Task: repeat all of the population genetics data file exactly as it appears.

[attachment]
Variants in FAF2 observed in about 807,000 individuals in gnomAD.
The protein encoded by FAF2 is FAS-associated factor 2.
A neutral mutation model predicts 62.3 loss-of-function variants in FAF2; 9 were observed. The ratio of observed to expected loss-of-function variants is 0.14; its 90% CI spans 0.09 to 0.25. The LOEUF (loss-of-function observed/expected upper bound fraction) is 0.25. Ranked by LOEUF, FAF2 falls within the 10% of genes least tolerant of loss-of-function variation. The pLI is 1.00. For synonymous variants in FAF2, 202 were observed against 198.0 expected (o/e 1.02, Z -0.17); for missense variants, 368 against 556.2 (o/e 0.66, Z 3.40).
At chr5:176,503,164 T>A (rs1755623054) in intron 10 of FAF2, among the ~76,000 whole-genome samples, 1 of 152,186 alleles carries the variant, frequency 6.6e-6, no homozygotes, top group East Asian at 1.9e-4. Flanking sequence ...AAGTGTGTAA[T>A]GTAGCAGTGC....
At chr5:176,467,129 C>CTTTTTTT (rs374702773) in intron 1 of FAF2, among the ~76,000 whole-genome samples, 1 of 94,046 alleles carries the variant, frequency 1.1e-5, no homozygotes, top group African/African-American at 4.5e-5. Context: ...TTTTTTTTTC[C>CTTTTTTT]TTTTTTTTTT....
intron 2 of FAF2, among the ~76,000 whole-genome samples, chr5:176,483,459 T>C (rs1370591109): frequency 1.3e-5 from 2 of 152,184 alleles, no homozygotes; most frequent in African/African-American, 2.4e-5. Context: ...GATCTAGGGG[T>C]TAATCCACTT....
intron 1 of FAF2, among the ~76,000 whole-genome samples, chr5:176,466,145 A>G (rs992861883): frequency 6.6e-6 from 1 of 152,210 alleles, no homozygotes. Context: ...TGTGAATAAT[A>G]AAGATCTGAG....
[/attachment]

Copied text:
Variants in FAF2 observed in about 807,000 individuals in gnomAD.
The protein encoded by FAF2 is FAS-associated factor 2.
A neutral mutation model predicts 62.3 loss-of-function variants in FAF2; 9 were observed. The ratio of observed to expected loss-of-function variants is 0.14; its 90% CI spans 0.09 to 0.25. The LOEUF (loss-of-function observed/expected upper bound fraction) is 0.25. Ranked by LOEUF, FAF2 falls within the 10% of genes least tolerant of loss-of-function variation. The pLI is 1.00. For synonymous variants in FAF2, 202 were observed against 198.0 expected (o/e 1.02, Z -0.17); for missense variants, 368 against 556.2 (o/e 0.66, Z 3.40).
At chr5:176,503,164 T>A (rs1755623054) in intron 10 of FAF2, among the ~76,000 whole-genome samples, 1 of 152,186 alleles carries the variant, frequency 6.6e-6, no homozygotes, top group East Asian at 1.9e-4. Flanking sequence ...AAGTGTGTAA[T>A]GTAGCAGTGC....
At chr5:176,467,129 C>CTTTTTTT (rs374702773) in intron 1 of FAF2, among the ~76,000 whole-genome samples, 1 of 94,046 alleles carries the variant, frequency 1.1e-5, no homozygotes, top group African/African-American at 4.5e-5. Context: ...TTTTTTTTTC[C>CTTTTTTT]TTTTTTTTTT....
intron 2 of FAF2, among the ~76,000 whole-genome samples, chr5:176,483,459 T>C (rs1370591109): frequency 1.3e-5 from 2 of 152,184 alleles, no homozygotes; most frequent in African/African-American, 2.4e-5. Context: ...GATCTAGGGG[T>C]TAATCCACTT....
intron 1 of FAF2, among the ~76,000 whole-genome samples, chr5:176,466,145 A>G (rs992861883): frequency 6.6e-6 from 1 of 152,210 alleles, no homozygotes. Context: ...TGTGAATAAT[A>G]AAGATCTGAG....